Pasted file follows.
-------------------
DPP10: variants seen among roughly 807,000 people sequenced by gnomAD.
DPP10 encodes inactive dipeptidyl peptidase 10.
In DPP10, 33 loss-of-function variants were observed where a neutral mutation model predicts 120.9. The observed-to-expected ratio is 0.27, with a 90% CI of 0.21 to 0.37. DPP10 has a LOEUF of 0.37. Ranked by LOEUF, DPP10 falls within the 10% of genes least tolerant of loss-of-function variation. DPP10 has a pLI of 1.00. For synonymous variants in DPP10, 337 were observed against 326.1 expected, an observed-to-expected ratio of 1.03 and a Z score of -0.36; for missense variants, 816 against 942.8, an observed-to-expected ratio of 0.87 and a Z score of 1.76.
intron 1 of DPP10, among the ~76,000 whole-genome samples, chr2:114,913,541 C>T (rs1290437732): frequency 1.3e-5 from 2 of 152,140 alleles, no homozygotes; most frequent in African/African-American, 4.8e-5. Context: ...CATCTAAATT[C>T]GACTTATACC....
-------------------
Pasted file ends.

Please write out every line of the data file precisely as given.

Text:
DPP10: variants seen among roughly 807,000 people sequenced by gnomAD.
DPP10 encodes inactive dipeptidyl peptidase 10.
In DPP10, 33 loss-of-function variants were observed where a neutral mutation model predicts 120.9. The observed-to-expected ratio is 0.27, with a 90% CI of 0.21 to 0.37. DPP10 has a LOEUF of 0.37. Ranked by LOEUF, DPP10 falls within the 10% of genes least tolerant of loss-of-function variation. DPP10 has a pLI of 1.00. For synonymous variants in DPP10, 337 were observed against 326.1 expected, an observed-to-expected ratio of 1.03 and a Z score of -0.36; for missense variants, 816 against 942.8, an observed-to-expected ratio of 0.87 and a Z score of 1.76.
intron 1 of DPP10, among the ~76,000 whole-genome samples, chr2:114,913,541 C>T (rs1290437732): frequency 1.3e-5 from 2 of 152,140 alleles, no homozygotes; most frequent in African/African-American, 4.8e-5. Context: ...CATCTAAATT[C>T]GACTTATACC....